The final decision that resulted from the COP26 in Glasgow has been criticized for inadequately addressing the subject of loss and damage. While the Glasgow Climate Pact discusses the subject, it ultimately failed to establish a damages fund for countries especially vulnerable to the consequences of climate change, such as low-lying island nations.
María Dolores Sánchez Galera, the coordinator of the research and reflection unit of the Vatican's Dicastery for Promoting Integral Human Development, said during the panel discussion that addressing loss and damage was "the critical aspect of the COP on biodiversity."
In its statement, UISG calls for a framework that "explicitly ties climate adaptation to social justice" and recognizes "the ecological debt owed by the Global North to countries bearing the brunt of an environmental breakdown they haven't caused."
At the statement launch event, video testimonies from sisters from across the globe shared how they support and advocate for communities affected by disregard for the environment.
In one video, Sr. Nathalie Kangaji, a member of the Congregation of Our Lady Canonesses of St. Augustine in the Democratic Republic of Congo shared how the "systematic plundering and uncontrolled exploitation" of the country's minerals result in many communities being forcibly and illegally relocated while producing severe water, air and soil pollution. In response, she founded a legal and judicial aid center in the mining town of Kolwezi to defend the rights of the local population and train them to pressure the government on the misuse of natural resources through legal mechanisms.
A group of Catholic sisters from various organizations is present at COP27 to represent the experiences of sisters like Kangaji. Among them is Sr. Jean Quinn, a Daughter of Wisdom and executive director of UNANIMA International, a nongovernmental organization advocating on behalf of marginalized groups before policymakers, primarily at the U.N.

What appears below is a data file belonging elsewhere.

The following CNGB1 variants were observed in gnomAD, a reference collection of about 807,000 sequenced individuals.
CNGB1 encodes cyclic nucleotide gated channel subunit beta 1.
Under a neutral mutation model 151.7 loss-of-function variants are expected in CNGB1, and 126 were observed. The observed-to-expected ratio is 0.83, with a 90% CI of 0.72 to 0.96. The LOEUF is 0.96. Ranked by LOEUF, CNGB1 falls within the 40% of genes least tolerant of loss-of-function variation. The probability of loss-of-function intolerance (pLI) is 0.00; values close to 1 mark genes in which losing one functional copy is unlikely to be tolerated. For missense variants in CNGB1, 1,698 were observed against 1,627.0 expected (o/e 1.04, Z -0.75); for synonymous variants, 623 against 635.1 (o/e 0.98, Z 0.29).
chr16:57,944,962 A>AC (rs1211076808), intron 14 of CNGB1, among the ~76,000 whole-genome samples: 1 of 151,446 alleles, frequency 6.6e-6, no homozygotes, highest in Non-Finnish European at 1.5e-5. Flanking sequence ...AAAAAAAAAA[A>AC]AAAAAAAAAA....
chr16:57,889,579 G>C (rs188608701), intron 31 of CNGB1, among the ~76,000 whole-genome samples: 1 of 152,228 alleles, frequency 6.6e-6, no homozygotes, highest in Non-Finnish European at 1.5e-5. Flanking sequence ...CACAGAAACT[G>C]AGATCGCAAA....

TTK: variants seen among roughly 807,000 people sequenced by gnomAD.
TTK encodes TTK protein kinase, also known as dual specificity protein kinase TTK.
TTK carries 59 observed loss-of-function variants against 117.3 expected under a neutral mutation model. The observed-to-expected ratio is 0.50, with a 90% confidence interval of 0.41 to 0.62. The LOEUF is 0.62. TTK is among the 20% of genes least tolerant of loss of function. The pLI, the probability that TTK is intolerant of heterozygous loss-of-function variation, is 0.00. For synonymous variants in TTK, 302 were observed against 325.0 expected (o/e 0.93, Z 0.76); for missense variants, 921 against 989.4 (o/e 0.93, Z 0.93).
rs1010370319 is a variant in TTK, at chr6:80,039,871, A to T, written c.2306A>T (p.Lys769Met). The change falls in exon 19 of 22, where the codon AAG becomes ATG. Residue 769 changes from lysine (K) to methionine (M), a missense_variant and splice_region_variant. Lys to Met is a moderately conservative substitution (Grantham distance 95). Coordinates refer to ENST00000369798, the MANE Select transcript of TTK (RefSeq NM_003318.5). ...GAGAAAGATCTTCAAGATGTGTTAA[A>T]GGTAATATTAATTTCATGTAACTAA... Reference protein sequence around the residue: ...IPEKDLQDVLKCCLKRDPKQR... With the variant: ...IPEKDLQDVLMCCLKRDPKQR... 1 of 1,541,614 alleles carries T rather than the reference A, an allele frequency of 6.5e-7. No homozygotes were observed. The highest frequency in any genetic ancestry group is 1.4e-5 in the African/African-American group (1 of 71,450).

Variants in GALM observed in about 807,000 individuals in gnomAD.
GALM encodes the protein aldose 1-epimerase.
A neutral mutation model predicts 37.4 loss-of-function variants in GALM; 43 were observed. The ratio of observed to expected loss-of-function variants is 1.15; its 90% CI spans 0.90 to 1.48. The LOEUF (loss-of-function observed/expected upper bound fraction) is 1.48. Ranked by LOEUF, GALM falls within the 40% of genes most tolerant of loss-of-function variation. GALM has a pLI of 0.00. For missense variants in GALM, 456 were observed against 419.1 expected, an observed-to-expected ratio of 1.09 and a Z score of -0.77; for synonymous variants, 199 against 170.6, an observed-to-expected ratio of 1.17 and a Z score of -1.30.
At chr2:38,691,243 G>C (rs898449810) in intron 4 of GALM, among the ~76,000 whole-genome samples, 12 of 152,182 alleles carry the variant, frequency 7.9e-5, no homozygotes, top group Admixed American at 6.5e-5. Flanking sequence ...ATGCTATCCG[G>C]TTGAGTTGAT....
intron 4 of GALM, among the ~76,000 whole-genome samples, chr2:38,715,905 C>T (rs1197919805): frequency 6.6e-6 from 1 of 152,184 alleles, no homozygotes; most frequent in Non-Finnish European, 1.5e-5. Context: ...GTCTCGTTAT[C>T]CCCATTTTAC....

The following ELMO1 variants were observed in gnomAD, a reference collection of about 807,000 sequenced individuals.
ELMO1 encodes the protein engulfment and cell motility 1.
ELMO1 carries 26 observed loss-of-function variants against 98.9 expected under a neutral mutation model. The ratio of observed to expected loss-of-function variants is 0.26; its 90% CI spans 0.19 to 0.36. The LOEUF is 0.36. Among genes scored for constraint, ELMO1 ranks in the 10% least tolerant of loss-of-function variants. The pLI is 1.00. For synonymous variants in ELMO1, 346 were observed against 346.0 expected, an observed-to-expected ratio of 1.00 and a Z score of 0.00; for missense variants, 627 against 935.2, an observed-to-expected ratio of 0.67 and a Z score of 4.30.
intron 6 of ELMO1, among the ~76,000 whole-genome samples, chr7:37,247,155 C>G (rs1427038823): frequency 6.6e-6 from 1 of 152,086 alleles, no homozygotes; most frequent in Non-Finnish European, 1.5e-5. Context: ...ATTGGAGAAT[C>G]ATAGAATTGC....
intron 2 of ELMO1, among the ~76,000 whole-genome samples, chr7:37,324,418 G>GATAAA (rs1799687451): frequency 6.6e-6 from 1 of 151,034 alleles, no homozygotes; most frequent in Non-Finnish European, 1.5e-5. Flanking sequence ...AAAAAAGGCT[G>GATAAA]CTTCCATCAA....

"The challenge will be to be heard in the right places and with a prophetic voice and to raise our voices," she said while virtually participating in the UISG event. "We'll have the opportunity to amplify the lived experience of the people from the grassroots, the people that our sisters tell us about."
Written testimonies of Catholic sisters working with marginalized communities around the world line the walls of the headquarters of the International Union of Superiors General at the Nov. 3 launch of the statement "Sisters for the Environment: Integrating Voices from the Margins" on Nov. 3 in Rome. (Justin McLellan)
Murray said that in addition to reporting on the detrimental effects of climate change and providing witness to those on the margins of society, the voice of Catholic sisters must also serve as an example of change.
"Catholic sisters are doing a lot of positive things: planting trees, divesting from fossil fuels, changing their own practices so that they are more sustainable," she told GSR. "We need to raise up the positive actions being done by individuals, local communities, and parishes. They are like the mustard seeds: They coalesce and make that big tree of change."
The UISG statement's final call to action urges leaders to recognize "that women religious are uniquely placed to advocate for and with the communities they serve, and have a role to play in bringing local voices into global conversations."
Admittedly, Kinsey noted that advocacy in this form requires a shift in attitude for Catholic sisters, who she said are often used to discreetly serving their communities.
"Many of the sisters do things rather quietly, but now, this is a new frontier," she said.
"The future is in our hands, and we're the people for this time."